Great Seal of Canada

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Not to be confused with Arms of Canada.

The Great Seal of Canada (French: Grand Sceau du Canada) is a governmental seal used for purposes of state in Canada, being set on letters patent, proclamations[1] and commissions, both to representatives of the Queen and for the appointment of cabinet ministers, senators, and judges.[2][3] Many other officials, such as officers in the Canadian Armed Forces, receive commissions affixed with the Privy Seal, not the great seal.[3] It is not for sealing up a document as letters close.

The great seal's design is changed soon after the accession of a new sovereign and is considered by the Department of Canadian Heritage to be one of the official symbols of Canada.[4]

History[edit]

The first Great Seal of Canada was carved in the United Kingdom and sent to Canada to replace a temporary seal which had been used since Confederation in 1867. On the great seal assigned to Canada in 1869, the arms of each of the original provinces—Nova Scotia, New Brunswick, Québec, and Ontario—were shown separately, two on each side of the figure of Queen Victoria seated beneath a canopy.[5]

In view of the intended tour of Canada by George VI in 1939 as king of Canada, the federal parliament passed an act to let the Great Seal of Canada be used for functions that were, at that time, normally carried out by the King in London using the Great Seal of the United Kingdom—such as the issuing of an instrument of ratification for an international treaty—but were to be performed by the King while in Canada. This event, symbolizing Canadian independence and continuing loyalty to the Crown, was described by the tour's official historian as establishing a new official procedure "which asserted and recognized Canada's equality of political status within the British Empire."[6]

Appearance[edit]

Dies (seal-making devices) for old seals are destroyed whenever a new monarch takes the throne. The current great seal was designed by artist Eric Aldwinckle and made at the Royal Canadian Mint when Queen Elizabeth II succeeded her father in 1952 and it went into use on 14 November 1955.[7] The seal die is made of specially tempered steel, weighs 3.75 kilograms (8.27 pounds), and is 127 millimetres (5 inches) in diameter. The image depicts the Queen enthroned on the coronation chair and robed, holding the orb and sceptre, and the 1957 version of the Royal Arms of Canada in front. Around the perimeter is inscribed REINE DU CANADA—ELIZABETH II—QUEEN OF CANADA. Previous Great Seals of Canada were inscribed in Latin. While the governor general is the keeper of the Great Seal, the Queen's representative places it in the protection of the Registrar General of Canada. Each of the provinces has its own unique great seal for similar purposes, which is used by the lieutenant governor of the province and kept by the provincial attorney general.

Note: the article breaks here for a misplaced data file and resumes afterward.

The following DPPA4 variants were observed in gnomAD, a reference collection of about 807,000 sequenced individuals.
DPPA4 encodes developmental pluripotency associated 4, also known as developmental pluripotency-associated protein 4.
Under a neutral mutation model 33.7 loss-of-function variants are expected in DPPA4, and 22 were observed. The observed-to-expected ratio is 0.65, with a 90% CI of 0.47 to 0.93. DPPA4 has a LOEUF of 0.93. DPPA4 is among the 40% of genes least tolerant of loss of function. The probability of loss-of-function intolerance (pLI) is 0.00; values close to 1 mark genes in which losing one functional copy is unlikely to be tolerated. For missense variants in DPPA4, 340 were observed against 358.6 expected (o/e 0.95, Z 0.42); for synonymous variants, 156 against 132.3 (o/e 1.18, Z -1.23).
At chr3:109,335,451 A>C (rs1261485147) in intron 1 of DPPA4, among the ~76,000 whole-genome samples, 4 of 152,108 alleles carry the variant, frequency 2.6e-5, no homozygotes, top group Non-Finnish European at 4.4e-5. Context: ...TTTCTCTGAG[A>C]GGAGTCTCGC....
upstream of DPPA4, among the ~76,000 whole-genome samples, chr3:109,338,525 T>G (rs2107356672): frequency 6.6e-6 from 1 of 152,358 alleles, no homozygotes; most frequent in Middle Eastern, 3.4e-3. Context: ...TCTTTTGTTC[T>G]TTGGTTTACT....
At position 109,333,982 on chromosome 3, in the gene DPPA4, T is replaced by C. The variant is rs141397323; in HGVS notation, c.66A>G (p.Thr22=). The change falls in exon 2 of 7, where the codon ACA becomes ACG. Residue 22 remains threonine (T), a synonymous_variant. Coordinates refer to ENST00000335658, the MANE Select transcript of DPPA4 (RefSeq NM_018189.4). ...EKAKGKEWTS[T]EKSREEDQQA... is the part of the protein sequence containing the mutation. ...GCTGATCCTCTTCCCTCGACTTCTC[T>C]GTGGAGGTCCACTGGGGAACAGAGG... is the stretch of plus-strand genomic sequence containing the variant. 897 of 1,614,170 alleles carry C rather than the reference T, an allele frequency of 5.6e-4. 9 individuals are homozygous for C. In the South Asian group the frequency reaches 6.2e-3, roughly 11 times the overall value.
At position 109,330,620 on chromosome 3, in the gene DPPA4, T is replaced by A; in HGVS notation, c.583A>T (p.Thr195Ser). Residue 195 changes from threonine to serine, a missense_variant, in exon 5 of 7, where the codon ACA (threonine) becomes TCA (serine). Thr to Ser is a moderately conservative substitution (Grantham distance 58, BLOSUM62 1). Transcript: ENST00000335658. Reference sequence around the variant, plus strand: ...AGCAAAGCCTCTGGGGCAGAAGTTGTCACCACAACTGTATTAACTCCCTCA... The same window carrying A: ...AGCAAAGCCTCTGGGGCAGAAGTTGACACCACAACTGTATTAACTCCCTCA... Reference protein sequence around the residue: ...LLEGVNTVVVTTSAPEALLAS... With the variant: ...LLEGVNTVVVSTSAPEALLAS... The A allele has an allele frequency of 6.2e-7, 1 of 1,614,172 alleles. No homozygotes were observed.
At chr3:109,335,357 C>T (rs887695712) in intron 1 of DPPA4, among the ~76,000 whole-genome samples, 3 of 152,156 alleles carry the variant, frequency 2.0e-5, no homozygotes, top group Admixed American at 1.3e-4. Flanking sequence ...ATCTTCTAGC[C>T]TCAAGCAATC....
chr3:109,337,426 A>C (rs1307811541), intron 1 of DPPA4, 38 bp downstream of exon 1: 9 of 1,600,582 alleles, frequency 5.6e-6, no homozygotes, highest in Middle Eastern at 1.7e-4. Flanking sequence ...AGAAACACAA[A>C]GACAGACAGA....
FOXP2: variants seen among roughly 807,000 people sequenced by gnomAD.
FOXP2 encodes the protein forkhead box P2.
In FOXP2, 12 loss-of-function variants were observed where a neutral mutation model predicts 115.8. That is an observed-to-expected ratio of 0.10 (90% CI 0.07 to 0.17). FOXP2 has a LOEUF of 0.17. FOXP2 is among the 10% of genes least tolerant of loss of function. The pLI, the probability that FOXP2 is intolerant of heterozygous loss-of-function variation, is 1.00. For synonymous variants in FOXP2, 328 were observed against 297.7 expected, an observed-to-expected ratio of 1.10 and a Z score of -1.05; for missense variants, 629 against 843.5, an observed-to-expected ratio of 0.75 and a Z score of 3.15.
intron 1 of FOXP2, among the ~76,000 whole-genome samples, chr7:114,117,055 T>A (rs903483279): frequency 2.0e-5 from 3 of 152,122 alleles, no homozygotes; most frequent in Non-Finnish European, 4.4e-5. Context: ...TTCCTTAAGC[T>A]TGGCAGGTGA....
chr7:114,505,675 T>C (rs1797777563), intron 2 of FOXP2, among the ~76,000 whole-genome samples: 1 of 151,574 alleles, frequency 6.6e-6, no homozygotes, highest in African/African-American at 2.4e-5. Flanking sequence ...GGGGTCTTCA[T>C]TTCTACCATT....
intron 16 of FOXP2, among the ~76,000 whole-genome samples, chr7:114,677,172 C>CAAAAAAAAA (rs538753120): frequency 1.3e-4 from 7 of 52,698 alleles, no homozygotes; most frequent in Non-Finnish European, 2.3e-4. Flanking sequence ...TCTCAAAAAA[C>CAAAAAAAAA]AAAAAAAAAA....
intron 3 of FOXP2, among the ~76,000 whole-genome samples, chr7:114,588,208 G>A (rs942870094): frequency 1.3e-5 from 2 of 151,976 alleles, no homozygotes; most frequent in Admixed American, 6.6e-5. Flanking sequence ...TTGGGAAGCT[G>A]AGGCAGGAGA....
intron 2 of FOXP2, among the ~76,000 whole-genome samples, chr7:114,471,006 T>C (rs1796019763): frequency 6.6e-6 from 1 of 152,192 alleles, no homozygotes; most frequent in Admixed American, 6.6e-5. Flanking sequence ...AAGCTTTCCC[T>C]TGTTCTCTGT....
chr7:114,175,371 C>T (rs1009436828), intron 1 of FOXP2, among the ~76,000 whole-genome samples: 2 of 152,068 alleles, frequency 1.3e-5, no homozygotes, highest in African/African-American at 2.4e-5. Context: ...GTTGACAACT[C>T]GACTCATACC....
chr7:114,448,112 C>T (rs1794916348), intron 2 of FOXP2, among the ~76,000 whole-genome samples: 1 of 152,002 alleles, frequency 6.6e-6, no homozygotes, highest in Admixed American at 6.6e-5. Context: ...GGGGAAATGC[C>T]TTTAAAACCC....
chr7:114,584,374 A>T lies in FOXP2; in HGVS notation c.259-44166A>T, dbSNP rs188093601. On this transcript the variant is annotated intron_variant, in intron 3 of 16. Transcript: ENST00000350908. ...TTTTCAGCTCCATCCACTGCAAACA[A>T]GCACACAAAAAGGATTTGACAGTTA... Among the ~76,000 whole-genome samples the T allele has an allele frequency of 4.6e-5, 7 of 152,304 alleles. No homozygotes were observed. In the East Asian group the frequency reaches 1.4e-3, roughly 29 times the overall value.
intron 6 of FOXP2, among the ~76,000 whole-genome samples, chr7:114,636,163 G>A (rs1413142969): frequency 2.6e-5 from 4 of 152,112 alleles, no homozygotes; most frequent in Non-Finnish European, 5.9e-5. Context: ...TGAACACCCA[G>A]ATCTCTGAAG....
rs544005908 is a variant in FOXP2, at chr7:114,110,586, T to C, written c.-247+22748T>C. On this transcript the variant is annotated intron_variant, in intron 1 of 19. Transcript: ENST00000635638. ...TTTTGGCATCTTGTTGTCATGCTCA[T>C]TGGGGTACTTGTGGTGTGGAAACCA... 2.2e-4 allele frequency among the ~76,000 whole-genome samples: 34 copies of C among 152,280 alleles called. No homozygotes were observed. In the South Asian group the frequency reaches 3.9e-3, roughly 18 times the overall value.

Legal status[edit]

Like the Great Seal of the United Kingdom in respect of the Crown of that country, the Great Seal of Canada is the chief seal of the Crown of Canada, and is used to show the Canadian monarch's approval of important state documents. The sovereign acts on the advice of the government of the day.[9] However, unlike Canada, use of the Privy Seal was abolished in the United Kingdom after the passing of the Great Seal Act 1884.[10]

The Canadian Great Seal is used not only for administrative purposes, but also ceremonially, when it is put into the custody of a new governor general as part of the customary swearing-in and installation procedure.[11] It is protected under the Security of Information Act, Section 5(2)(e) stating: "Every person who, without lawful authority or excuse, manufactures or sells, or has in his possession for sale, any die, seal or stamp referred to in subsection (1) is guilty of an indictable offence and liable to imprisonment for a term of not more than 14 years or by summary conviction and liable to imprisonment for a term of not more than 12 months or to a fine of not more than $2,000."[12]

See also[edit]

References[edit]

  1. ^ Library and Archives Canada. "Proclamation of the Constitution Act 1982". Image of original proclamation. Queen's Printer for Canada. Retrieved 27 March 2012. 
  2. ^ The Great Seal of Canada[1]
  3. ^ a b Her Majesty the Queen in Right of Canada (2012). "Consolidation - Formal Documents Regulations" (PDF). 
  4. ^ Government of Canada (3 February 2013). "Official symbols of Canada". Queen's Printer for Canada. Retrieved 16 December 2015. 
  5. ^ Emblems of Canada[2]
  6. ^ Fiftieth Anniversary of the 1939 Royal Visit, J. William Galbraith, as an information Officer with the federal government.[3]
  7. ^ http://www.thecanadianencyclopedia.ca/en/article/great-seal-of-canada/[full citation needed]
  8. ^ Royal Proclamation on Parliament Hill[4]
  9. ^ Great seal of the realm[5]
  10. ^ Great Seal Act 1884.[6]
  11. ^ The Great Seal of Canada [7]
  12. ^ Security of Information Act[full citation needed]

External links[edit]